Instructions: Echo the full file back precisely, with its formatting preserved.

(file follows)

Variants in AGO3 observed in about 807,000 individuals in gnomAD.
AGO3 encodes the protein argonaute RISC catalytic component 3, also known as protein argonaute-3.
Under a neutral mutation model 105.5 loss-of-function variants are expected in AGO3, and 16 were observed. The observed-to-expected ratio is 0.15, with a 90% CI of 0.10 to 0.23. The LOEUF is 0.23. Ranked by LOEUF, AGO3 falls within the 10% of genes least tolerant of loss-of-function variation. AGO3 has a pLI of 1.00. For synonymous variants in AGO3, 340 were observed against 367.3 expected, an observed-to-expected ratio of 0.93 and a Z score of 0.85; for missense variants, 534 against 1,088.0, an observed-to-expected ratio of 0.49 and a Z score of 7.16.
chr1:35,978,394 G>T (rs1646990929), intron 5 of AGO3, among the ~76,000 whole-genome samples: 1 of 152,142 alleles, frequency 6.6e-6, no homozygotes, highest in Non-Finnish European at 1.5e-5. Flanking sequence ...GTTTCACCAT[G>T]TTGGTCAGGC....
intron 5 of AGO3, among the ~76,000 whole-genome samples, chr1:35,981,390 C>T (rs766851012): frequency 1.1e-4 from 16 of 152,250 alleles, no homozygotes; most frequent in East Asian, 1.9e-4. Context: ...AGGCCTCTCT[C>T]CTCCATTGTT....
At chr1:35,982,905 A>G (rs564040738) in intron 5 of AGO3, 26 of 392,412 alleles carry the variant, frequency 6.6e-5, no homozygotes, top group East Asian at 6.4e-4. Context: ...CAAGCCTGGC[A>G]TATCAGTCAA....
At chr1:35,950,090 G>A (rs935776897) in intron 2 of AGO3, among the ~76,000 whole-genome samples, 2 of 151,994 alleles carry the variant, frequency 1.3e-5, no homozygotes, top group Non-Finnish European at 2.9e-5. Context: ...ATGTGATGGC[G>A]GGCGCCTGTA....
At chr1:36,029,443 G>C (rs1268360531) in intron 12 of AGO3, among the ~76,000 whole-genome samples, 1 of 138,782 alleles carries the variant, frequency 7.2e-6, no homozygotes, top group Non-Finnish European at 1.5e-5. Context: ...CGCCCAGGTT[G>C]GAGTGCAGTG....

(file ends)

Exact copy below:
Variants in AGO3 observed in about 807,000 individuals in gnomAD.
AGO3 encodes the protein argonaute RISC catalytic component 3, also known as protein argonaute-3.
Under a neutral mutation model 105.5 loss-of-function variants are expected in AGO3, and 16 were observed. The observed-to-expected ratio is 0.15, with a 90% CI of 0.10 to 0.23. The LOEUF is 0.23. Ranked by LOEUF, AGO3 falls within the 10% of genes least tolerant of loss-of-function variation. AGO3 has a pLI of 1.00. For synonymous variants in AGO3, 340 were observed against 367.3 expected, an observed-to-expected ratio of 0.93 and a Z score of 0.85; for missense variants, 534 against 1,088.0, an observed-to-expected ratio of 0.49 and a Z score of 7.16.
chr1:35,978,394 G>T (rs1646990929), intron 5 of AGO3, among the ~76,000 whole-genome samples: 1 of 152,142 alleles, frequency 6.6e-6, no homozygotes, highest in Non-Finnish European at 1.5e-5. Flanking sequence ...GTTTCACCAT[G>T]TTGGTCAGGC....
intron 5 of AGO3, among the ~76,000 whole-genome samples, chr1:35,981,390 C>T (rs766851012): frequency 1.1e-4 from 16 of 152,250 alleles, no homozygotes; most frequent in East Asian, 1.9e-4. Context: ...AGGCCTCTCT[C>T]CTCCATTGTT....
At chr1:35,982,905 A>G (rs564040738) in intron 5 of AGO3, 26 of 392,412 alleles carry the variant, frequency 6.6e-5, no homozygotes, top group East Asian at 6.4e-4. Context: ...CAAGCCTGGC[A>G]TATCAGTCAA....
At chr1:35,950,090 G>A (rs935776897) in intron 2 of AGO3, among the ~76,000 whole-genome samples, 2 of 151,994 alleles carry the variant, frequency 1.3e-5, no homozygotes, top group Non-Finnish European at 2.9e-5. Context: ...ATGTGATGGC[G>A]GGCGCCTGTA....
At chr1:36,029,443 G>C (rs1268360531) in intron 12 of AGO3, among the ~76,000 whole-genome samples, 1 of 138,782 alleles carries the variant, frequency 7.2e-6, no homozygotes, top group Non-Finnish European at 1.5e-5. Context: ...CGCCCAGGTT[G>C]GAGTGCAGTG....